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© The Author(s) 2018. Electronic tracking through global positioning systems (GPSs) is used to monitor people with cognitive impairment who “wander” outside the home. This ethnographic study explored how GPS-monitored wandering was experienced by individuals, lay carers, and professional staff. Seven in-depth case studies revealed that wandering was often an enjoyable and worthwhile activity and helped deal with uncertainty and threats to identity. In what were typically very complex care contexts, GPS devices were useful to the extent that they aligned with a wider sociomaterial care network that included lay carers, call centers, and health and social care professionals. In this context, “safe” wandering was a collaborative accomplishment that depended on the technology’s materiality, affordances, and aesthetic properties; a distributed knowledge of the individual and the places they wandered through, and a collective and dynamic interpretation of risk. Implications for design and delivery of GPS devices and services for cognitive impairment are discussed.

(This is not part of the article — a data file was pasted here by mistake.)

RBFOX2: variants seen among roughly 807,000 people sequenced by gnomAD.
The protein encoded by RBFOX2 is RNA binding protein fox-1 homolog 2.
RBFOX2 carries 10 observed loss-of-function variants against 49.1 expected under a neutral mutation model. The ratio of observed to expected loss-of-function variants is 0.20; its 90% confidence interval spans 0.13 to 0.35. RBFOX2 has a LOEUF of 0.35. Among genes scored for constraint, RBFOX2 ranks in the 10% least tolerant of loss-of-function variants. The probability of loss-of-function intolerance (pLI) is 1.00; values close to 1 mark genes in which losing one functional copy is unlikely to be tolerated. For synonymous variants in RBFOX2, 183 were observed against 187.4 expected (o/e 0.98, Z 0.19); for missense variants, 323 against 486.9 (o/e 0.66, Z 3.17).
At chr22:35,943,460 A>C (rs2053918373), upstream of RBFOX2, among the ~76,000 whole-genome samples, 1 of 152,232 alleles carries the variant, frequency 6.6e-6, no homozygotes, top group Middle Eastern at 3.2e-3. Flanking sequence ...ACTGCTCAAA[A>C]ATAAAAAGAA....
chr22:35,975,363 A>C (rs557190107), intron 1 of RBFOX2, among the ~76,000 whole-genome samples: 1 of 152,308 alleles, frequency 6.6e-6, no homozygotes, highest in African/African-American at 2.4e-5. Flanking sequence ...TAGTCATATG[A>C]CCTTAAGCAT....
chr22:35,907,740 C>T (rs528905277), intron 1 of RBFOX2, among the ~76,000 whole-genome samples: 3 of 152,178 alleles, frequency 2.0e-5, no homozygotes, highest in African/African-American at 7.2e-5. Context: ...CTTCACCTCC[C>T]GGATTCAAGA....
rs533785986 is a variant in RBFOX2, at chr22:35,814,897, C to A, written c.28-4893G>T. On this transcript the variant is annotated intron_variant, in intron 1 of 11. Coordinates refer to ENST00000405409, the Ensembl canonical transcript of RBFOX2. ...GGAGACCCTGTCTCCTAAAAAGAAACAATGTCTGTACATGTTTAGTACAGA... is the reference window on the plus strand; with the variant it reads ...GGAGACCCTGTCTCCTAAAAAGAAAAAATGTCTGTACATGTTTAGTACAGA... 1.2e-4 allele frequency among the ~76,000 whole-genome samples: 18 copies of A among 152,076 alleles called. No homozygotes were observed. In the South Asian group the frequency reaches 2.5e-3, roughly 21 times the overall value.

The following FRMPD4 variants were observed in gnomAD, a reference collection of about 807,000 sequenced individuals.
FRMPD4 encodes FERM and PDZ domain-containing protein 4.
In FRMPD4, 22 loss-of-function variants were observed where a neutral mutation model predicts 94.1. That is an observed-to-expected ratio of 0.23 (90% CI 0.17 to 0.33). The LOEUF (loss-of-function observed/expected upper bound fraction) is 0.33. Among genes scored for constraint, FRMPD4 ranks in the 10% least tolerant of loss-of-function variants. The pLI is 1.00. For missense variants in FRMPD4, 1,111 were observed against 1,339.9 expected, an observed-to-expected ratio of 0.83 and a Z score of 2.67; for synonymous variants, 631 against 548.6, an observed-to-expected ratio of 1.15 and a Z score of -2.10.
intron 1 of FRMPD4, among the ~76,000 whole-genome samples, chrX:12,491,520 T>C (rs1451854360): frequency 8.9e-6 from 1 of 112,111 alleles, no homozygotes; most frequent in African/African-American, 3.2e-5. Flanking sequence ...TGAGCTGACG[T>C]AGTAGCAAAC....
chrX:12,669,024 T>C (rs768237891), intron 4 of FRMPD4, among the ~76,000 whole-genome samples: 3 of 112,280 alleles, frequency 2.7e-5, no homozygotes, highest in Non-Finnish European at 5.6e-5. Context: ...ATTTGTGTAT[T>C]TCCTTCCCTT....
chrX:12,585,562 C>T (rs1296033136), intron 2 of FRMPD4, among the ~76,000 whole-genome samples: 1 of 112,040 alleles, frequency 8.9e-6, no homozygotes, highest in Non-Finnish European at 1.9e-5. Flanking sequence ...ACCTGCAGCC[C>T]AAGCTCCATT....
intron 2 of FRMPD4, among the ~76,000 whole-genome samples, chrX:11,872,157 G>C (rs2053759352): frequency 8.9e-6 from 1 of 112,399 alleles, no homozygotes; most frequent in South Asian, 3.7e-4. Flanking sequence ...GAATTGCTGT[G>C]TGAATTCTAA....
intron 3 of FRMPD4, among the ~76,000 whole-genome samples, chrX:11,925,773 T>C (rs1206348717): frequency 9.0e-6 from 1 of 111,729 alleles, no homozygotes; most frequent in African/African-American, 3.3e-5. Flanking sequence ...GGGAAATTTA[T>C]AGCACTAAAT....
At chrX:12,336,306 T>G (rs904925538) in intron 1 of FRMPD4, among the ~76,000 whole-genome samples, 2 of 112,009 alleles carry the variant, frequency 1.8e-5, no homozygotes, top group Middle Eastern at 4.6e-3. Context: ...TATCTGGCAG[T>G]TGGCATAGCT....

Original publication

DOI

10.1177/1049732318798358

Type

Journal article

Journal

Qualitative Health Research

Publication Date

01/02/2019

Volume

29

Pages

328 - 344